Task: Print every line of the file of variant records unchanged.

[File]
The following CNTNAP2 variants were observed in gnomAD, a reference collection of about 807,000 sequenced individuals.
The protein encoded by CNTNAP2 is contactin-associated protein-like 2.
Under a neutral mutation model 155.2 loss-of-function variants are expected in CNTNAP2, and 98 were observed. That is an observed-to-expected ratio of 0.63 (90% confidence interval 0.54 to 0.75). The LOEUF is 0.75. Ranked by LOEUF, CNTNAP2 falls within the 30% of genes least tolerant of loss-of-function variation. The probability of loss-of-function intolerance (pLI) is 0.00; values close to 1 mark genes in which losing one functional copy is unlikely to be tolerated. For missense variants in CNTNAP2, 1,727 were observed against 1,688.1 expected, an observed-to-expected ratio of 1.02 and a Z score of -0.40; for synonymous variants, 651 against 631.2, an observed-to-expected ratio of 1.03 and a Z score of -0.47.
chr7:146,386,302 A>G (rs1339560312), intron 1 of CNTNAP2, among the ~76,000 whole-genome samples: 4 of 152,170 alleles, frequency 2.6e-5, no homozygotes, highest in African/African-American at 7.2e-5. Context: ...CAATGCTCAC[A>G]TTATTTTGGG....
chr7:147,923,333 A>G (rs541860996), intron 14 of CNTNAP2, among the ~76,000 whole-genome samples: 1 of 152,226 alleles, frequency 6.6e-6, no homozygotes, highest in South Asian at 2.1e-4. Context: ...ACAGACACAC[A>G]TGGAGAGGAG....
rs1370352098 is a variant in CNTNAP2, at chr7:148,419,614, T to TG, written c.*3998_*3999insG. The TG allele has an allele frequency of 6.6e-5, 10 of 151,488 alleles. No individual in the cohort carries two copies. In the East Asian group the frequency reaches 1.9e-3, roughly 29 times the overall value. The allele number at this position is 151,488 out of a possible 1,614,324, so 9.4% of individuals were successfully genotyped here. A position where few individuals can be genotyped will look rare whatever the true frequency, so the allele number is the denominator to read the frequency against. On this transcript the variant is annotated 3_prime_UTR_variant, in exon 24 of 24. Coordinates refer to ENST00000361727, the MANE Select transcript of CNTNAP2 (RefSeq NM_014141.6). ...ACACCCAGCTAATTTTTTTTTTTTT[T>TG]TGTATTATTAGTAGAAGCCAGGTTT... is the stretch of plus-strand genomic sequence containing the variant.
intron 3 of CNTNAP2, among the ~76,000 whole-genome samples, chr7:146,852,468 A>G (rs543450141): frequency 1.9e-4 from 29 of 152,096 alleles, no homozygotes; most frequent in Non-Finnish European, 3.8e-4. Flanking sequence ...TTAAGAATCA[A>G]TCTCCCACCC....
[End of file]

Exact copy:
The following CNTNAP2 variants were observed in gnomAD, a reference collection of about 807,000 sequenced individuals.
The protein encoded by CNTNAP2 is contactin-associated protein-like 2.
Under a neutral mutation model 155.2 loss-of-function variants are expected in CNTNAP2, and 98 were observed. That is an observed-to-expected ratio of 0.63 (90% confidence interval 0.54 to 0.75). The LOEUF is 0.75. Ranked by LOEUF, CNTNAP2 falls within the 30% of genes least tolerant of loss-of-function variation. The probability of loss-of-function intolerance (pLI) is 0.00; values close to 1 mark genes in which losing one functional copy is unlikely to be tolerated. For missense variants in CNTNAP2, 1,727 were observed against 1,688.1 expected, an observed-to-expected ratio of 1.02 and a Z score of -0.40; for synonymous variants, 651 against 631.2, an observed-to-expected ratio of 1.03 and a Z score of -0.47.
chr7:146,386,302 A>G (rs1339560312), intron 1 of CNTNAP2, among the ~76,000 whole-genome samples: 4 of 152,170 alleles, frequency 2.6e-5, no homozygotes, highest in African/African-American at 7.2e-5. Context: ...CAATGCTCAC[A>G]TTATTTTGGG....
chr7:147,923,333 A>G (rs541860996), intron 14 of CNTNAP2, among the ~76,000 whole-genome samples: 1 of 152,226 alleles, frequency 6.6e-6, no homozygotes, highest in South Asian at 2.1e-4. Context: ...ACAGACACAC[A>G]TGGAGAGGAG....
rs1370352098 is a variant in CNTNAP2, at chr7:148,419,614, T to TG, written c.*3998_*3999insG. The TG allele has an allele frequency of 6.6e-5, 10 of 151,488 alleles. No individual in the cohort carries two copies. In the East Asian group the frequency reaches 1.9e-3, roughly 29 times the overall value. The allele number at this position is 151,488 out of a possible 1,614,324, so 9.4% of individuals were successfully genotyped here. A position where few individuals can be genotyped will look rare whatever the true frequency, so the allele number is the denominator to read the frequency against. On this transcript the variant is annotated 3_prime_UTR_variant, in exon 24 of 24. Coordinates refer to ENST00000361727, the MANE Select transcript of CNTNAP2 (RefSeq NM_014141.6). ...ACACCCAGCTAATTTTTTTTTTTTT[T>TG]TGTATTATTAGTAGAAGCCAGGTTT... is the stretch of plus-strand genomic sequence containing the variant.
intron 3 of CNTNAP2, among the ~76,000 whole-genome samples, chr7:146,852,468 A>G (rs543450141): frequency 1.9e-4 from 29 of 152,096 alleles, no homozygotes; most frequent in Non-Finnish European, 3.8e-4. Flanking sequence ...TTAAGAATCA[A>G]TCTCCCACCC....